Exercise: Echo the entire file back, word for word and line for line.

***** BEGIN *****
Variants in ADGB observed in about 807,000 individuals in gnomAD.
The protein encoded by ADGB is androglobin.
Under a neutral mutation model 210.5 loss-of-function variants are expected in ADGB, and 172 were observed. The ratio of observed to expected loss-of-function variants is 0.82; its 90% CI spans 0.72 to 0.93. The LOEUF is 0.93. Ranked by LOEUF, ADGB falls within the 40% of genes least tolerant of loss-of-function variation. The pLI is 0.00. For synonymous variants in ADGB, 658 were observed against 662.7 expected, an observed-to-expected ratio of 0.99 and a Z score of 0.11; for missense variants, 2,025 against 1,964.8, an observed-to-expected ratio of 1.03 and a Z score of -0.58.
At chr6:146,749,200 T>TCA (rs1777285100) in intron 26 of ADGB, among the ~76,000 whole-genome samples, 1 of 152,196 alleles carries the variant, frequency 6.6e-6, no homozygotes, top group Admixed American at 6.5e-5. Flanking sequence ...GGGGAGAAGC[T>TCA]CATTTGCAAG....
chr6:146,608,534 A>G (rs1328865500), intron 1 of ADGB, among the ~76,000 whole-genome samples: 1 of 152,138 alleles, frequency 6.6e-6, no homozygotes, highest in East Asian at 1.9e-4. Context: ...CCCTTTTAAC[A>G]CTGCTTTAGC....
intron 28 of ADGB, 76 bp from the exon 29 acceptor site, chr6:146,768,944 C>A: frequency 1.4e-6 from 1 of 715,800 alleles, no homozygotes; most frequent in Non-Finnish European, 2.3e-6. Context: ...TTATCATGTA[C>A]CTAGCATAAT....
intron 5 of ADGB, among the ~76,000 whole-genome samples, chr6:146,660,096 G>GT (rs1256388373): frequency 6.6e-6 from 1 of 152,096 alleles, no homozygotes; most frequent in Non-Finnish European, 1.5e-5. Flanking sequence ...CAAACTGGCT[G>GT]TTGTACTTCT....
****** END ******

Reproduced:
Variants in ADGB observed in about 807,000 individuals in gnomAD.
The protein encoded by ADGB is androglobin.
Under a neutral mutation model 210.5 loss-of-function variants are expected in ADGB, and 172 were observed. The ratio of observed to expected loss-of-function variants is 0.82; its 90% CI spans 0.72 to 0.93. The LOEUF is 0.93. Ranked by LOEUF, ADGB falls within the 40% of genes least tolerant of loss-of-function variation. The pLI is 0.00. For synonymous variants in ADGB, 658 were observed against 662.7 expected, an observed-to-expected ratio of 0.99 and a Z score of 0.11; for missense variants, 2,025 against 1,964.8, an observed-to-expected ratio of 1.03 and a Z score of -0.58.
At chr6:146,749,200 T>TCA (rs1777285100) in intron 26 of ADGB, among the ~76,000 whole-genome samples, 1 of 152,196 alleles carries the variant, frequency 6.6e-6, no homozygotes, top group Admixed American at 6.5e-5. Flanking sequence ...GGGGAGAAGC[T>TCA]CATTTGCAAG....
chr6:146,608,534 A>G (rs1328865500), intron 1 of ADGB, among the ~76,000 whole-genome samples: 1 of 152,138 alleles, frequency 6.6e-6, no homozygotes, highest in East Asian at 1.9e-4. Context: ...CCCTTTTAAC[A>G]CTGCTTTAGC....
intron 28 of ADGB, 76 bp from the exon 29 acceptor site, chr6:146,768,944 C>A: frequency 1.4e-6 from 1 of 715,800 alleles, no homozygotes; most frequent in Non-Finnish European, 2.3e-6. Context: ...TTATCATGTA[C>A]CTAGCATAAT....
intron 5 of ADGB, among the ~76,000 whole-genome samples, chr6:146,660,096 G>GT (rs1256388373): frequency 6.6e-6 from 1 of 152,096 alleles, no homozygotes; most frequent in Non-Finnish European, 1.5e-5. Flanking sequence ...CAAACTGGCT[G>GT]TTGTACTTCT....